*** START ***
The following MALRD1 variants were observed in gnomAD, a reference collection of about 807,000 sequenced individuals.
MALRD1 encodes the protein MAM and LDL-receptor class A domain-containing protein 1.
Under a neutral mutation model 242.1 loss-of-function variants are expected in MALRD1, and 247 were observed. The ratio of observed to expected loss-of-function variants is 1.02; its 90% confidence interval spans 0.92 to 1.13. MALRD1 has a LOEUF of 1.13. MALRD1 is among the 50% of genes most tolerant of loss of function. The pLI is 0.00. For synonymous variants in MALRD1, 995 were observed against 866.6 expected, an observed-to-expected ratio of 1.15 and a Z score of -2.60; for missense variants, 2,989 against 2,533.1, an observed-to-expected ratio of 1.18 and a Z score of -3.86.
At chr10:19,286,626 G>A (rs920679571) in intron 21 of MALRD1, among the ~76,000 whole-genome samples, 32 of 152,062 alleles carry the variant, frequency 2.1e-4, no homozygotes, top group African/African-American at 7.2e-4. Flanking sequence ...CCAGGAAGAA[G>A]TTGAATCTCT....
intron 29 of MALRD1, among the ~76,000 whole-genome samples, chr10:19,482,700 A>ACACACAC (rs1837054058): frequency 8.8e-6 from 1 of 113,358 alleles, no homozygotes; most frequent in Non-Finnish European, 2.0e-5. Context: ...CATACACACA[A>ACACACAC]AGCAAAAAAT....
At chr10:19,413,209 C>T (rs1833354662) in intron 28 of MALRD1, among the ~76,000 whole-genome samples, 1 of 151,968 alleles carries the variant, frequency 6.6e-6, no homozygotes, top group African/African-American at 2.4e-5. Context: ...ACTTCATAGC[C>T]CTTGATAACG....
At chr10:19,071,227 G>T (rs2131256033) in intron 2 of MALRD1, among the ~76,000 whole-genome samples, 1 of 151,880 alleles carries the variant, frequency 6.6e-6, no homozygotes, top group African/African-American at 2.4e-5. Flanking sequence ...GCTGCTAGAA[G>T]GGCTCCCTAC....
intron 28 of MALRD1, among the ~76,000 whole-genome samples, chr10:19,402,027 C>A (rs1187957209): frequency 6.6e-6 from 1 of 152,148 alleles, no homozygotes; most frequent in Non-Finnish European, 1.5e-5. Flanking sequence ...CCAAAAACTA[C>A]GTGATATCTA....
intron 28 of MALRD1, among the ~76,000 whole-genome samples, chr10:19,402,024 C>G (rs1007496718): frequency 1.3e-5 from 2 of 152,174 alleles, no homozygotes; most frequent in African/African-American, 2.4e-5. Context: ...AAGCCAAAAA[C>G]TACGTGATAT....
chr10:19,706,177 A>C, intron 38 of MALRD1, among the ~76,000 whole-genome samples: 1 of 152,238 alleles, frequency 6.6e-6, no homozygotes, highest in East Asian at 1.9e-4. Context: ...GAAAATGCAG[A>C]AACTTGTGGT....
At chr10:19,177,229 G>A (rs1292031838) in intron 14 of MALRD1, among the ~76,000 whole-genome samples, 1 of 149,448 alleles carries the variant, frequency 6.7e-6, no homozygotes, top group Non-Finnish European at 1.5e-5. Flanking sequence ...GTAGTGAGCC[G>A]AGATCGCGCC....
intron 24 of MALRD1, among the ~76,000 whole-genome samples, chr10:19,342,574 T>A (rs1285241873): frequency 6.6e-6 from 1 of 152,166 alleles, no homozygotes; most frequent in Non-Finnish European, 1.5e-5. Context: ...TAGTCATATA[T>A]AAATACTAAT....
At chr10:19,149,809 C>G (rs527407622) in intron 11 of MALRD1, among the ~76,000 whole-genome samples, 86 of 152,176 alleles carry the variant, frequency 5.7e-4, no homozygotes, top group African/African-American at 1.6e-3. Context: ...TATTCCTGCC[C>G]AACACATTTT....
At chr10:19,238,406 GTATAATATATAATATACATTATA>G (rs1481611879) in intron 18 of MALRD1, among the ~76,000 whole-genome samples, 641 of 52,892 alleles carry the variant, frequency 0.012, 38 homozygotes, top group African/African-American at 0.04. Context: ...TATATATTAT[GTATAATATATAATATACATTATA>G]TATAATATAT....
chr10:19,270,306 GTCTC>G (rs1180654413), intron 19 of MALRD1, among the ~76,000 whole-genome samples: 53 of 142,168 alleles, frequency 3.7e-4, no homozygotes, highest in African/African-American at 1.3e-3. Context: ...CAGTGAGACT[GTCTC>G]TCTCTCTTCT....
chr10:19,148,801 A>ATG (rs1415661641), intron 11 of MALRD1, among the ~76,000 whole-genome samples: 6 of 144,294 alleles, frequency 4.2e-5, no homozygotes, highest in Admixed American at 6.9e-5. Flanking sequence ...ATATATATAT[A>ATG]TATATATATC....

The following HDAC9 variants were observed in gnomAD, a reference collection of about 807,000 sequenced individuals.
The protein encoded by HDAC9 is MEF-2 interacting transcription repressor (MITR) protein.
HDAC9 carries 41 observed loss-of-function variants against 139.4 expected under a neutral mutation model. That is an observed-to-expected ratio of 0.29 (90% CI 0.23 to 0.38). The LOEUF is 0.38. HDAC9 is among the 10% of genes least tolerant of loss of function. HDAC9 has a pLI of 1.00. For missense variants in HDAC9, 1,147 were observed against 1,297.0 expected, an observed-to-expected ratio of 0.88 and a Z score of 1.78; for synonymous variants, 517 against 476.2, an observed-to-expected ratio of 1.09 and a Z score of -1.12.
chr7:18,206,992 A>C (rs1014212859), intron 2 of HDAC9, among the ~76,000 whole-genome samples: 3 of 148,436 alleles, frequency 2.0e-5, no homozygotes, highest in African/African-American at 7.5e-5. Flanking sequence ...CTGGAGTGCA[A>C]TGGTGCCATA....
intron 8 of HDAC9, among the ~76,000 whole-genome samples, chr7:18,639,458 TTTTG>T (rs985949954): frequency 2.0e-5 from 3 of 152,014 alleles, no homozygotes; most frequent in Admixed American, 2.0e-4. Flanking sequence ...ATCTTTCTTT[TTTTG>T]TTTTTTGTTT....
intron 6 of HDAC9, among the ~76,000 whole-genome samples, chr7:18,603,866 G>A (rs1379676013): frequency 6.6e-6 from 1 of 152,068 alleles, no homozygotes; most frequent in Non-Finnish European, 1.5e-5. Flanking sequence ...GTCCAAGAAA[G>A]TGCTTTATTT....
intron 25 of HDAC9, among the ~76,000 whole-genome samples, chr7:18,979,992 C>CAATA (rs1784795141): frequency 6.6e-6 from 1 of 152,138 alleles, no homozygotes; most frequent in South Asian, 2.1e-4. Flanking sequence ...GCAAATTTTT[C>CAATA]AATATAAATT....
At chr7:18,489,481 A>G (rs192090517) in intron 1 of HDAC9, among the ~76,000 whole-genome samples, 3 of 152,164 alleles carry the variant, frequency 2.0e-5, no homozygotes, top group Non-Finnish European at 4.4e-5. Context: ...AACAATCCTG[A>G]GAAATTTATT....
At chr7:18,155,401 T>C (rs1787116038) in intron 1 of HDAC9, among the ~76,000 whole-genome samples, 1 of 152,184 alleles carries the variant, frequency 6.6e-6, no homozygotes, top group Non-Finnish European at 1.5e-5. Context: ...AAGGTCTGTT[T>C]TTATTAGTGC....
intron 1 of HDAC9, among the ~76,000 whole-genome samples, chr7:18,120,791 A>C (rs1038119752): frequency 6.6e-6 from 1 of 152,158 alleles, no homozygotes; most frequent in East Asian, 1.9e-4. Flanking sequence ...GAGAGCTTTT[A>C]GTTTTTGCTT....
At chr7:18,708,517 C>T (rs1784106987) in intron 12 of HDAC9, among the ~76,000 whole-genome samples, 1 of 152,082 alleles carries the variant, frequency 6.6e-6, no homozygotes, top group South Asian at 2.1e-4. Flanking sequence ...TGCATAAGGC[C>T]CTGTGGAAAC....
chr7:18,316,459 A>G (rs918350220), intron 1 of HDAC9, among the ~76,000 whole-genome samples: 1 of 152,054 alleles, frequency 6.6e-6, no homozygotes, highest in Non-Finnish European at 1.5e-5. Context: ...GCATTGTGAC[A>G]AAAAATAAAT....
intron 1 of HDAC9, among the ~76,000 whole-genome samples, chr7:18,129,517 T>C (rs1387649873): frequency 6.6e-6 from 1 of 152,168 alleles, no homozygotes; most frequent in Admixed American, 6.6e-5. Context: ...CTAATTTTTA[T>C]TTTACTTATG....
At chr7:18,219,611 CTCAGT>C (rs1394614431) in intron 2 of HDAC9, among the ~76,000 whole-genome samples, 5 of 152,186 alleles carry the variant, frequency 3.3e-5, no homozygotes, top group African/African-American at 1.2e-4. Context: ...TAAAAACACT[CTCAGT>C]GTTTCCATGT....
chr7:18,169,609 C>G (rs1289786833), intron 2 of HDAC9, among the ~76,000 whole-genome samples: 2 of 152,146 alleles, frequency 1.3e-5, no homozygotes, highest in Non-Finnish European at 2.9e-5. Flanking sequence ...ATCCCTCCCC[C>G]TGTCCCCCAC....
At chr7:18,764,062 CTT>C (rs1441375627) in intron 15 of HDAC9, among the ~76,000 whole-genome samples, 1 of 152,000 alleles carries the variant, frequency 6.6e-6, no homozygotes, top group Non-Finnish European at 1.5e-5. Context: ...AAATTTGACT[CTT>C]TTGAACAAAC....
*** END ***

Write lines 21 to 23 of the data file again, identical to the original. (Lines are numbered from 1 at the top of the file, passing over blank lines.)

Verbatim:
intron 8 of HDAC9, among the ~76,000 whole-genome samples, chr7:18,639,458 TTTTG>T (rs985949954): frequency 2.0e-5 from 3 of 152,014 alleles, no homozygotes; most frequent in Admixed American, 2.0e-4. Flanking sequence ...ATCTTTCTTT[TTTTG>T]TTTTTTGTTT....
intron 6 of HDAC9, among the ~76,000 whole-genome samples, chr7:18,603,866 G>A (rs1379676013): frequency 6.6e-6 from 1 of 152,068 alleles, no homozygotes; most frequent in Non-Finnish European, 1.5e-5. Flanking sequence ...GTCCAAGAAA[G>A]TGCTTTATTT....
intron 25 of HDAC9, among the ~76,000 whole-genome samples, chr7:18,979,992 C>CAATA (rs1784795141): frequency 6.6e-6 from 1 of 152,138 alleles, no homozygotes; most frequent in South Asian, 2.1e-4. Flanking sequence ...GCAAATTTTT[C>CAATA]AATATAAATT....